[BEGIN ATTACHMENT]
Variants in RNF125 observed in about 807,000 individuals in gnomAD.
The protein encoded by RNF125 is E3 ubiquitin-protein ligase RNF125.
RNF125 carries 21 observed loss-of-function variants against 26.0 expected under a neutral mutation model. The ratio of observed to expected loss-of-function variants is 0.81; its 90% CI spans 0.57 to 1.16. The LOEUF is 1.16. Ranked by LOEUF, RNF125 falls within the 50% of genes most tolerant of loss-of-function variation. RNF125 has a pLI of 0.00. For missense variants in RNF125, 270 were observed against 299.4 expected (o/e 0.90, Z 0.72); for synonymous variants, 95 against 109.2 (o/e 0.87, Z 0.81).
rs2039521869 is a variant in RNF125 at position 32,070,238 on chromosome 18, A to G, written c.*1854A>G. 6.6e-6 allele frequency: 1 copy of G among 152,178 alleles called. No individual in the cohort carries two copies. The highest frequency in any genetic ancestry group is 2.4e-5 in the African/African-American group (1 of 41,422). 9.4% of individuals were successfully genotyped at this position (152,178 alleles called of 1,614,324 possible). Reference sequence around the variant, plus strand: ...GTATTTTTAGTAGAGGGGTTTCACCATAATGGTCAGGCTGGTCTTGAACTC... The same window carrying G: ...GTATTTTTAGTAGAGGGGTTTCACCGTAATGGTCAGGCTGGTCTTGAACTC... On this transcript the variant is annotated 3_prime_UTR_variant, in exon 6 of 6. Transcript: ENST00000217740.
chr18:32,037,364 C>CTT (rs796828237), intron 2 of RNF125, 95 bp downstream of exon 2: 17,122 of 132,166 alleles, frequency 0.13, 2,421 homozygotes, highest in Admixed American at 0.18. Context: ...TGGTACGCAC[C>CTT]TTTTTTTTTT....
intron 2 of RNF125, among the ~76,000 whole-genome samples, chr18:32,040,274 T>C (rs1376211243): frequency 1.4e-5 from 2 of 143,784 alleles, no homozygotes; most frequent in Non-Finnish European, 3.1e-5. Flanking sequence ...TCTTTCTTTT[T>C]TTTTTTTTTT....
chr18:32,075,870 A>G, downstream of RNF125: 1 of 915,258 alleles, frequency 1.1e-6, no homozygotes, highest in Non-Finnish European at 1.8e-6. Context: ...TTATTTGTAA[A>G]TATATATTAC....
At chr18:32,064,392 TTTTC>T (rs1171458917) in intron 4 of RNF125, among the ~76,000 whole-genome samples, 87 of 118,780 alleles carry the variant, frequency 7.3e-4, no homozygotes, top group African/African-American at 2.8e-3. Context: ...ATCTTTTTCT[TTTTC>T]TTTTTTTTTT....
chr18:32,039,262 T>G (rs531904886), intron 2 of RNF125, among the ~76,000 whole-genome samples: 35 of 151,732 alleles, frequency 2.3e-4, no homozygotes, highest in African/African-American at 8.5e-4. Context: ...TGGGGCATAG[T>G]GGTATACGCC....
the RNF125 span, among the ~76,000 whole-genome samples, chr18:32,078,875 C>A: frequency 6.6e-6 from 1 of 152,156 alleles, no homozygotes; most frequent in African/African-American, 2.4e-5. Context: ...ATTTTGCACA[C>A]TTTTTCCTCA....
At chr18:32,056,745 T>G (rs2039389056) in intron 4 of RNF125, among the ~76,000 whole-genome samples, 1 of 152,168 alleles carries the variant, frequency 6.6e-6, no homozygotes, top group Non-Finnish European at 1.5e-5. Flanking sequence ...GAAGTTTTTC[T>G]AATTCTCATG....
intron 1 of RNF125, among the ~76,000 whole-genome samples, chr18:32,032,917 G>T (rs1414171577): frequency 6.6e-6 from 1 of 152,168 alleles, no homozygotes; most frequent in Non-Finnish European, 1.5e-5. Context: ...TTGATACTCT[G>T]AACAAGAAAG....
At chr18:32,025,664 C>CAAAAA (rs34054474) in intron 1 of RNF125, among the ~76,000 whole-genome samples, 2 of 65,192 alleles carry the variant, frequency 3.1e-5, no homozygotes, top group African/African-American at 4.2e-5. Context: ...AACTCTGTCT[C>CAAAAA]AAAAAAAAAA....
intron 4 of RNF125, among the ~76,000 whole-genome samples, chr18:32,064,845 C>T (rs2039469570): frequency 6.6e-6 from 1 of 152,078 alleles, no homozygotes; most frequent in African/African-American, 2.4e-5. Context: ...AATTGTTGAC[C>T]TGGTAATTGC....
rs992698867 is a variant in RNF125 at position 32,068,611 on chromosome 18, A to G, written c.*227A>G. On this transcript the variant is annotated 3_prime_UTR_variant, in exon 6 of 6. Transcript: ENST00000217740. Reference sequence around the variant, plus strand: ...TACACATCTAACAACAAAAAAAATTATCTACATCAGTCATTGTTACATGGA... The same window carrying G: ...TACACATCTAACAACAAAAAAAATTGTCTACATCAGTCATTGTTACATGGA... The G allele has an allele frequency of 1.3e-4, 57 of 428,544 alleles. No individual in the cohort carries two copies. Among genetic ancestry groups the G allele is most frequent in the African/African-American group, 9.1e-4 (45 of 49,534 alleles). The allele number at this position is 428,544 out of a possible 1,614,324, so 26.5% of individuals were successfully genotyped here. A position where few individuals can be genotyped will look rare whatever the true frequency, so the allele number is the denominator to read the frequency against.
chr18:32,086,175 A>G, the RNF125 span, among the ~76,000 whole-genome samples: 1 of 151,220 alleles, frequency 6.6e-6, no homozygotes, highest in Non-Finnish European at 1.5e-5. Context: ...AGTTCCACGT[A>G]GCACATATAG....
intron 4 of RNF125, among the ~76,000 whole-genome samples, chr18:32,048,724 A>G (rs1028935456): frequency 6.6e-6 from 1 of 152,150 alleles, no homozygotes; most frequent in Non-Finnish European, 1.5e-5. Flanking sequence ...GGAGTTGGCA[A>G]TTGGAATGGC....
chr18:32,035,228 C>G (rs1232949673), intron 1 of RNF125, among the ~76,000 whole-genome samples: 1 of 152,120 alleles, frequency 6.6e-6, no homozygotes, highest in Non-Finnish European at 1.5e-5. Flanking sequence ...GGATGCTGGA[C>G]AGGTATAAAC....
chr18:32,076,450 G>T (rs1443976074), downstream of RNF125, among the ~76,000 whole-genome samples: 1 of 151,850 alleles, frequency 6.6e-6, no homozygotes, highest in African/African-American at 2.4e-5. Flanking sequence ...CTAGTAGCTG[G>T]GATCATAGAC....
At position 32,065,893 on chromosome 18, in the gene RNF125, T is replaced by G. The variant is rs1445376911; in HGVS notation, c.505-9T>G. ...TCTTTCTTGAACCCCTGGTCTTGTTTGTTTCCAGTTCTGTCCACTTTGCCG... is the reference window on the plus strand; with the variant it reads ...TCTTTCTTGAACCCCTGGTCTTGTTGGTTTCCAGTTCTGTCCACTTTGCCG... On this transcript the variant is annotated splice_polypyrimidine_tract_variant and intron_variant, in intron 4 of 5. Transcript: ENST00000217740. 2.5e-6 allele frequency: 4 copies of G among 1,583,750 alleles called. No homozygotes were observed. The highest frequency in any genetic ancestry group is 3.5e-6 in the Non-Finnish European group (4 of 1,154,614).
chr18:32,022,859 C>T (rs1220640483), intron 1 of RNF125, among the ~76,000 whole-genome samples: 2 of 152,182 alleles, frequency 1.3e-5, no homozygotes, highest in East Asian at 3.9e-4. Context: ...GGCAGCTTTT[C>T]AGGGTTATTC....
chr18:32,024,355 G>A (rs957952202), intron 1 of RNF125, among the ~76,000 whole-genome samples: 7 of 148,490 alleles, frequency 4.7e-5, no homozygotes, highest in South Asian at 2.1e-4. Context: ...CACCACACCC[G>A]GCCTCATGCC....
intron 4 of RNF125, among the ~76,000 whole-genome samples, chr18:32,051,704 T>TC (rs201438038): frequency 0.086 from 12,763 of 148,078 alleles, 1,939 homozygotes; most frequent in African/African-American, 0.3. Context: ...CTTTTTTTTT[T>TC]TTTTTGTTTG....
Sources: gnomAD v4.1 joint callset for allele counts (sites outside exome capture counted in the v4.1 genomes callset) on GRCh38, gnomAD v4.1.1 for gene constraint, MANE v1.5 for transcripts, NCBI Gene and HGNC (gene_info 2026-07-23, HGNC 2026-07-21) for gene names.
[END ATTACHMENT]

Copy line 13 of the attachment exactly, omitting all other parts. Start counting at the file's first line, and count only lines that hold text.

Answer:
At chr18:32,025,664 C>CAAAAA (rs34054474) in intron 1 of RNF125, among the ~76,000 whole-genome samples, 2 of 65,192 alleles carry the variant, frequency 3.1e-5, no homozygotes, top group African/African-American at 4.2e-5. Context: ...AACTCTGTCT[C>CAAAAA]AAAAAAAAAA....